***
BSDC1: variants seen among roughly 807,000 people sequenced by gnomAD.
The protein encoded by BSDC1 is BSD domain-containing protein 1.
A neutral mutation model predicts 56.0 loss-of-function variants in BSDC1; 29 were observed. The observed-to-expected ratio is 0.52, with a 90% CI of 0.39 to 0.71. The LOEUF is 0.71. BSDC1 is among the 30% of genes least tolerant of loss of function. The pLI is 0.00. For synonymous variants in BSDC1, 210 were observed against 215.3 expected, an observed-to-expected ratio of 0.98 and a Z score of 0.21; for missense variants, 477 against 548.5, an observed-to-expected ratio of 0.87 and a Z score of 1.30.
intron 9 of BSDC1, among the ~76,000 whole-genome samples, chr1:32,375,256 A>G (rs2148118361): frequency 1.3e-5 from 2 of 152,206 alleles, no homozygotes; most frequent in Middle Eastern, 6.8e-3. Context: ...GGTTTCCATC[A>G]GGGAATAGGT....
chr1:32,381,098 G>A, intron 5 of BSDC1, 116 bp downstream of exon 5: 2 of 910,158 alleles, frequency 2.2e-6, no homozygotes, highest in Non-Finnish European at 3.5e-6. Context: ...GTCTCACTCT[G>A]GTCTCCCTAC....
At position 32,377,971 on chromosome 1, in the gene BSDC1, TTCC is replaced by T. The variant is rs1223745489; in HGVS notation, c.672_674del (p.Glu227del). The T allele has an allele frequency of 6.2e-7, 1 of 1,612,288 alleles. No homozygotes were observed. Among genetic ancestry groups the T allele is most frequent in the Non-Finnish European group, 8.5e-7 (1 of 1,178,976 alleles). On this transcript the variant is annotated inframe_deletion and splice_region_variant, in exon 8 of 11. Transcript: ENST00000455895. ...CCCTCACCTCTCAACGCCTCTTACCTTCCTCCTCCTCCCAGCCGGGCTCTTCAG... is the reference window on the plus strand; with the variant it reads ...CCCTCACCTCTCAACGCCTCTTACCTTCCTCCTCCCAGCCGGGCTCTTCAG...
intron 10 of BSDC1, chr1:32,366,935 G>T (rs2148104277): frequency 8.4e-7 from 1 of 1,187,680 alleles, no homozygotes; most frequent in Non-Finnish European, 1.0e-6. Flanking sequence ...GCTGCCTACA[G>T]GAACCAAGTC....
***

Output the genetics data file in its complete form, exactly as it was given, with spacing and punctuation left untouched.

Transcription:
BSDC1: variants seen among roughly 807,000 people sequenced by gnomAD.
The protein encoded by BSDC1 is BSD domain-containing protein 1.
A neutral mutation model predicts 56.0 loss-of-function variants in BSDC1; 29 were observed. The observed-to-expected ratio is 0.52, with a 90% CI of 0.39 to 0.71. The LOEUF is 0.71. BSDC1 is among the 30% of genes least tolerant of loss of function. The pLI is 0.00. For synonymous variants in BSDC1, 210 were observed against 215.3 expected, an observed-to-expected ratio of 0.98 and a Z score of 0.21; for missense variants, 477 against 548.5, an observed-to-expected ratio of 0.87 and a Z score of 1.30.
intron 9 of BSDC1, among the ~76,000 whole-genome samples, chr1:32,375,256 A>G (rs2148118361): frequency 1.3e-5 from 2 of 152,206 alleles, no homozygotes; most frequent in Middle Eastern, 6.8e-3. Context: ...GGTTTCCATC[A>G]GGGAATAGGT....
chr1:32,381,098 G>A, intron 5 of BSDC1, 116 bp downstream of exon 5: 2 of 910,158 alleles, frequency 2.2e-6, no homozygotes, highest in Non-Finnish European at 3.5e-6. Context: ...GTCTCACTCT[G>A]GTCTCCCTAC....
At position 32,377,971 on chromosome 1, in the gene BSDC1, TTCC is replaced by T. The variant is rs1223745489; in HGVS notation, c.672_674del (p.Glu227del). The T allele has an allele frequency of 6.2e-7, 1 of 1,612,288 alleles. No homozygotes were observed. Among genetic ancestry groups the T allele is most frequent in the Non-Finnish European group, 8.5e-7 (1 of 1,178,976 alleles). On this transcript the variant is annotated inframe_deletion and splice_region_variant, in exon 8 of 11. Transcript: ENST00000455895. ...CCCTCACCTCTCAACGCCTCTTACCTTCCTCCTCCTCCCAGCCGGGCTCTTCAG... is the reference window on the plus strand; with the variant it reads ...CCCTCACCTCTCAACGCCTCTTACCTTCCTCCTCCCAGCCGGGCTCTTCAG...
intron 10 of BSDC1, chr1:32,366,935 G>T (rs2148104277): frequency 8.4e-7 from 1 of 1,187,680 alleles, no homozygotes; most frequent in Non-Finnish European, 1.0e-6. Flanking sequence ...GCTGCCTACA[G>T]GAACCAAGTC....